Hugh D. Sinclair2
(1) The University of Birmingham, Birmingham, United Kingdom
(2) The University of Edinburgh, Edinburgh, United Kingdom
Abstract: Fill-and-spill development of perched slope basins: implications from outcrop for deep-water prospectivity
The fill-and-spill development of perched slope basins in the Gulf of Mexico represent a first-order control on stratigraphic architecture. Current understanding of these processes is derived from 3D seismic surveys. This study aims to provide the first outcrop documentation of fill-and-spill processes, and so provide information at the scale of reservoir heterogeneity and seal characteristics in these settings. The outcrops presented are from the Lower Oligocene Annot Sandstones of south-east France.
Palaeogeographic reconstructions for the western outcrops of the Annot Sandstones indicate a northern and a southern sub-basin separated by a topographic high. The southern sub-basin was progressively infilled by approximately 600m of tabular, amalgamated, coarse sandstone turbidites that record flow deflection, ponding and onlap. Above these facies is an abrupt transition into offset-stacked coarse channel systems which correlate northward with a channelised incision surface into the topographic high; this incision represents the spillpoint through to the northern sub-basin. At the base of slope in the northern sub-basin, approximately 200m below the spillpoint, onlapping coarse sandstones record scouring, amalgamation, dewatering and slumping. Approximately 300m downcurrent from these base of slope deposits, the succession is tabular bedded, with mud intervals separating beds. Hence, the base-of-slope sands provide a high degree of interconnectedness with good seal potential, but are broken up by shale partitions more basinward. Having filled the northern sub-basin, both basins are blanketed firstly by thick overbank fines, and then by a 200m thick channel/sheet complex.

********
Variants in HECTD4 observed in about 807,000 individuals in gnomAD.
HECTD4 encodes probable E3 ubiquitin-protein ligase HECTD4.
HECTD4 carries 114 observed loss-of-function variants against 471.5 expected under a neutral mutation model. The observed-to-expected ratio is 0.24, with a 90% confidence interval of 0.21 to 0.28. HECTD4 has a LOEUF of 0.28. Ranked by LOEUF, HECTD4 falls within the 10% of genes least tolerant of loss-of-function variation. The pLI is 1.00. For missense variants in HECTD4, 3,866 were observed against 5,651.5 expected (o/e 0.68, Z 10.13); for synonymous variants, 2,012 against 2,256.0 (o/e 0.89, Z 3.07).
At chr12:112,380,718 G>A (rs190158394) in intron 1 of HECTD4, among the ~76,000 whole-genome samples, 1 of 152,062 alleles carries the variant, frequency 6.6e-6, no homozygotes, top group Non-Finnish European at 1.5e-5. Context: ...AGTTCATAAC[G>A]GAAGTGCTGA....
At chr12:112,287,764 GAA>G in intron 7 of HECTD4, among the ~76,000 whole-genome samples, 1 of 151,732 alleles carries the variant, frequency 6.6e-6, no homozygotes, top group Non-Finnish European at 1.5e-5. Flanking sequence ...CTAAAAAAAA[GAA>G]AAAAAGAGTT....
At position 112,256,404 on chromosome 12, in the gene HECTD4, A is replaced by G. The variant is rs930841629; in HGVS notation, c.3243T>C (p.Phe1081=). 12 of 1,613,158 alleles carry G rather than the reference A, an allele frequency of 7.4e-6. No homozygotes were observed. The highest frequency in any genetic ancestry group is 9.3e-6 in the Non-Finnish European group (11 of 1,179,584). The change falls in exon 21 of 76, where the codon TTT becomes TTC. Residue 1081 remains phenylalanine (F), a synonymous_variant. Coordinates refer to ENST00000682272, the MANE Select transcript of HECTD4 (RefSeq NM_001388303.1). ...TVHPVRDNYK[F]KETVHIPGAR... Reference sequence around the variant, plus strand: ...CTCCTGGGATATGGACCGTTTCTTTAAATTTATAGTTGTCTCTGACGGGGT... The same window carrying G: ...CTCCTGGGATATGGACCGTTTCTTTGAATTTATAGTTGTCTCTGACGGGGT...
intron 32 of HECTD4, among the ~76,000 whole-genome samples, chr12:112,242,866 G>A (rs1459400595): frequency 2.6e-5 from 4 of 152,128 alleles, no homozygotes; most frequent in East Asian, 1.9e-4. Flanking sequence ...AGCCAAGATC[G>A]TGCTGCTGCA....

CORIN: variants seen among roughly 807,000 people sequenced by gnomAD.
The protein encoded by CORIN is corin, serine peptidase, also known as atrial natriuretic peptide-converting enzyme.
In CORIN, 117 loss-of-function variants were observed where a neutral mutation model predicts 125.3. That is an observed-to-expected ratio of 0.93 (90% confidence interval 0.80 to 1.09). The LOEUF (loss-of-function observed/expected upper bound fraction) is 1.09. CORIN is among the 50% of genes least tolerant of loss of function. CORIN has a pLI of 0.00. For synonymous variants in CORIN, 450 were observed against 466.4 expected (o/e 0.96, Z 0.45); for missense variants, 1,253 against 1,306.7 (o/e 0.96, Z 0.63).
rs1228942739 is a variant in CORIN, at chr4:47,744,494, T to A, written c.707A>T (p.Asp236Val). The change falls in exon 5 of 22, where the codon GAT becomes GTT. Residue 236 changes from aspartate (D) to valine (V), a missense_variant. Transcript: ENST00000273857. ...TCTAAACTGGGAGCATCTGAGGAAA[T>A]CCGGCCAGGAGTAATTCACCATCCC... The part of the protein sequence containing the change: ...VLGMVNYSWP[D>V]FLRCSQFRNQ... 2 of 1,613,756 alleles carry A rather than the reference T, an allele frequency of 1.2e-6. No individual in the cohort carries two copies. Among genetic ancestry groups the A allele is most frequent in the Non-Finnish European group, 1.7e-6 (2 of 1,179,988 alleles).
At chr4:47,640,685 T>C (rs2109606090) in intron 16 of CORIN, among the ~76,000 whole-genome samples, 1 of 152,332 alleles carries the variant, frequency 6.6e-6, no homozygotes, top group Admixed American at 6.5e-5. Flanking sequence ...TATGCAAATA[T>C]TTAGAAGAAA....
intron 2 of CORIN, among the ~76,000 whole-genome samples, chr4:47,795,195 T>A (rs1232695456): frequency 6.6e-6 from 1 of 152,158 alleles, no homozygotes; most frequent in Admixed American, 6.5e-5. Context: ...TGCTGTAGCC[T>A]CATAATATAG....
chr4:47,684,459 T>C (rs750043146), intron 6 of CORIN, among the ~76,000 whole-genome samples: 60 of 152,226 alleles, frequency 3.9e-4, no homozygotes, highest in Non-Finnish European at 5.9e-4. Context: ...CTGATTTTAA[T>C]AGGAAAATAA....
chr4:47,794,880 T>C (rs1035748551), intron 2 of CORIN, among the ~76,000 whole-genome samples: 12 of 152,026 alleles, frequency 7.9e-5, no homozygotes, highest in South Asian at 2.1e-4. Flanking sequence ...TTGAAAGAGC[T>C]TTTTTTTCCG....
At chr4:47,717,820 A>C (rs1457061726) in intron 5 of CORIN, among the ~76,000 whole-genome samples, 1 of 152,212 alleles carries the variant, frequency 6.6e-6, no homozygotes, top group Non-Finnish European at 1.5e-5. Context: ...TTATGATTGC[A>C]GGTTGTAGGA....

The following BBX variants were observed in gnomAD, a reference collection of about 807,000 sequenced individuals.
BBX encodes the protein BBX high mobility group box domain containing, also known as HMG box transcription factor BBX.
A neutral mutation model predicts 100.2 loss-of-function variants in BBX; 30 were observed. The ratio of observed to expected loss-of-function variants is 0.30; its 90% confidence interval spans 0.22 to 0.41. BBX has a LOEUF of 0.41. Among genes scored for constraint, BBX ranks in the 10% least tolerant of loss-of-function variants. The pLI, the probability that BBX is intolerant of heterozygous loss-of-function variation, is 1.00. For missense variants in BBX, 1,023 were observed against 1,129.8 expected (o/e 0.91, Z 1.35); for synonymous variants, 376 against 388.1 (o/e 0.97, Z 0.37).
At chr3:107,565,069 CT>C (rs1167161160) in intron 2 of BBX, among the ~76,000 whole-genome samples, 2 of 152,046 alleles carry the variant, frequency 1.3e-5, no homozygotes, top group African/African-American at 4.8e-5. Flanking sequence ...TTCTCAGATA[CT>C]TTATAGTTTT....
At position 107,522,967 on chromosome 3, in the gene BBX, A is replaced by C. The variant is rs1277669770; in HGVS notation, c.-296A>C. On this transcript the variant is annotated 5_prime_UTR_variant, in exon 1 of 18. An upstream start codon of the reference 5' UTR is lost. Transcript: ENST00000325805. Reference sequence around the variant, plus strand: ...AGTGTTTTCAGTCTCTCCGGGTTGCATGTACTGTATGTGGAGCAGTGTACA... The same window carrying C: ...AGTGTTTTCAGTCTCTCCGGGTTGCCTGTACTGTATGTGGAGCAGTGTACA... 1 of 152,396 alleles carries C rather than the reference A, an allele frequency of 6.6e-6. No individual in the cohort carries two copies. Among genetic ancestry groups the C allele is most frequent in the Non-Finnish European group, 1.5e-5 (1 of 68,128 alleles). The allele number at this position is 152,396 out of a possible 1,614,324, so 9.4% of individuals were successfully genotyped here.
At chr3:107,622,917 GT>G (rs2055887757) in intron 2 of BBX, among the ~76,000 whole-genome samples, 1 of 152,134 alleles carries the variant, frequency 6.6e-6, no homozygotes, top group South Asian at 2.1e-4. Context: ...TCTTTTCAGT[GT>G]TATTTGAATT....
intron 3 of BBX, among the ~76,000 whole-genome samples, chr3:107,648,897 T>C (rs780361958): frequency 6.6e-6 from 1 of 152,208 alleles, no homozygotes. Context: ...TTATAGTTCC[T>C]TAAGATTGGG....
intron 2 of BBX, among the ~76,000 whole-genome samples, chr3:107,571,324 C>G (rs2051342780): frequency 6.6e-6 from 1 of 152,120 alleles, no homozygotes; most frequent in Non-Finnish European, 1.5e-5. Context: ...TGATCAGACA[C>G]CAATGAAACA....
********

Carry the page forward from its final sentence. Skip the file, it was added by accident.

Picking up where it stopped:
AAPG Search and Discovery Article #90914©2000 AAPG Annual Convention, New Orleans, Louisiana